|Can be stigmatising and also may imply that others are exempt from risk.
|A key population vulnerable to…
People who are disproportionately affected by…
|This term is judgemental and stigmatising.
|Engaging in an action (e.g. using non-sterile injecting equipment or sex) that can make a person more vulnerable to acquiring ….
|Prostitute / Prostitution
|These terms are very demeaning and judgemental, and the word ‘prostitute’ does not reflect the fact that sex work is a form of employment for a sex worker, not a way of life.
|Injecting drug user / Injector
|It defines a person solely on the basis of a practice they engage in.
|Person/people who inject drugs
|Can be stigmatising because it implies that HIV is dirty.
|The use of non-sterile injecting equipment.
|Men who have sex with men (MSM).
|The term MSM seeks to include men who do/may not identify as gay or bisexual and also heterosexual men who may have sex with other men. However, it’s use excludes those who do self-identify as gay or bisexual.
|Gay, bisexual and men who have sex with men (gbMSM)
|MSM Community or
community of MSM
|Implies that all gay and bisexual men and other men who have sex with men belong to one specific social unit, identity, culture, values etc.
e.g. population of gbMSM
|An outdated term that is no longer accurate or precise when referring to reducing the risk of HIV acquisition. In addition to using condoms, people can choose a number of strategies to reduce the risk of HIV acquisition including HIV treatment and PrEP.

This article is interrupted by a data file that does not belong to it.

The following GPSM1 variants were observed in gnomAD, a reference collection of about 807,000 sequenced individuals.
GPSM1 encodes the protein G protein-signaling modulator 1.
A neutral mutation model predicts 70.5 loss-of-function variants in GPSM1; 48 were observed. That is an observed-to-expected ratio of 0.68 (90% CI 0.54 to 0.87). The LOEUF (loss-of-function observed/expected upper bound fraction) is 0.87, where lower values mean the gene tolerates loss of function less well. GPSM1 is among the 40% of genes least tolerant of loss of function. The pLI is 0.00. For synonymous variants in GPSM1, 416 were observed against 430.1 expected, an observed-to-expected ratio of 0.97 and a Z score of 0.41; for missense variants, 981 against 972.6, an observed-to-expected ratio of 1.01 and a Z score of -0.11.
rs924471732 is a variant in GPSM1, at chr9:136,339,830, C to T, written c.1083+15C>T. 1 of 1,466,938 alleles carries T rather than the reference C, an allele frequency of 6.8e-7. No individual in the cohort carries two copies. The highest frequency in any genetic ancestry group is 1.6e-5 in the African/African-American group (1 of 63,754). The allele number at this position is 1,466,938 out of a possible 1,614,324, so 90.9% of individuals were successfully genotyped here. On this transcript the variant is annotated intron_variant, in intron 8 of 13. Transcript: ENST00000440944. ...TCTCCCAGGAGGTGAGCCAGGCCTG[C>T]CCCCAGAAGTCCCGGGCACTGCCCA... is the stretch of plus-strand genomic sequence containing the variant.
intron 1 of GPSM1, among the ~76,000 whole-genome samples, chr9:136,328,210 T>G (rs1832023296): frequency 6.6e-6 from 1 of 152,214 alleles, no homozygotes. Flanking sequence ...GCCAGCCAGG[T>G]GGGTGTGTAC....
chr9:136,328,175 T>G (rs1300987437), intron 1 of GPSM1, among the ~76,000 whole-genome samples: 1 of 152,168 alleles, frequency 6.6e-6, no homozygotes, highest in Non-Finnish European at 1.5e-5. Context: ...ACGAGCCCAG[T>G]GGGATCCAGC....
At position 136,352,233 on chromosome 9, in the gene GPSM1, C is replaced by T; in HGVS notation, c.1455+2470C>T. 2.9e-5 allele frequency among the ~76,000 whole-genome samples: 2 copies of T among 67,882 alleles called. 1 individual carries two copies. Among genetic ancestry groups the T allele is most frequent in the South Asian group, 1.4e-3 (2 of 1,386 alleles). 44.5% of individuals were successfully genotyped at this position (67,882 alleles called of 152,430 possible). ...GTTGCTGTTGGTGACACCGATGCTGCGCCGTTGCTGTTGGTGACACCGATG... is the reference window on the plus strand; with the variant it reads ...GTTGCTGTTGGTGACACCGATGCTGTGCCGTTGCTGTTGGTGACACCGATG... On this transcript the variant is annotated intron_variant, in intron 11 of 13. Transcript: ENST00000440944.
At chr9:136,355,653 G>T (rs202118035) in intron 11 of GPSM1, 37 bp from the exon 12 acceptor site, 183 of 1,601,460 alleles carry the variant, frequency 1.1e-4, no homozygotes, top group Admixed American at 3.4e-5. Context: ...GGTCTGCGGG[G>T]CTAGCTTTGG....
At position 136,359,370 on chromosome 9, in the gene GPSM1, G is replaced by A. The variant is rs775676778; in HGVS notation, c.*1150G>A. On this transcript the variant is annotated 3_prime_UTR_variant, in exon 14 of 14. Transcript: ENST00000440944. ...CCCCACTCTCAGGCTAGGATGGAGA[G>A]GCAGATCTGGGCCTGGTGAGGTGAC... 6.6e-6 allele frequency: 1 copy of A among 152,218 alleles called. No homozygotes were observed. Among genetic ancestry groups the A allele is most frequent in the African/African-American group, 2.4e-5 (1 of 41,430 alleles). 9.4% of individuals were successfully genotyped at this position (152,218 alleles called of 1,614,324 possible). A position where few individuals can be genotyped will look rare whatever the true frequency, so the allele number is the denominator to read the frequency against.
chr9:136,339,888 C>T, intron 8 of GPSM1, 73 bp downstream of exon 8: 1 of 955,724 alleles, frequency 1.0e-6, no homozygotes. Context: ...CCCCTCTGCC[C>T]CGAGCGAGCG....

|Sex without a Condom;
Condomless Sex with PrEP;
Condomless Sex without PrEP;
Sex not protected by antiretroviral prevention methods.
|This term may imply complete safety. The term safer sex more accurately reflects the concept that choices and actions can be made and/or taken to reduce or minimise the risk of HIV and/or STI acquisition and transmission e.g. using condoms, using PrEP to prevent HIV, choosing to have non-penetrative sex.
|Passive / Active
|Implies sexual dominance / submission.
|Top / Bottom
Receptive / Insertive
(relating to HIV and/or STIs)
|Stigmatising of those with HIV and/or STIs. Implies that those with HIV and/or STIs are ‘dirty’.
All results clear
(relating to drug use)
|Stigmatising and implies that people who use drugs are ‘dirty’.
|Clean, dirty (referring to drug test results)
|These terms are stigmatising because they associate symptoms of a condition (positive drug tests) with being dirty.
|A promiscuous person
|A judgemental term that should be avoided.
|Has multiple partners
|Stigmatising and offensive slang terms.
|Stigmatising and offensive slang terms.
|Outdated, slang and sometimes offensive.
|Drug Addicts / Drug Abusers
|These terms are seen as derogatory and disrespectful. They label a person solely by a condition. The terms imply moral judgement. Using person first language recognises our collective humanity.
|Person/People who use drugs
|Any racialised terms
|Outdated and can cause offense.
|People / person of colour
*HIV Language Guide (George House Trust)
Version 1.3 (updated September 2020)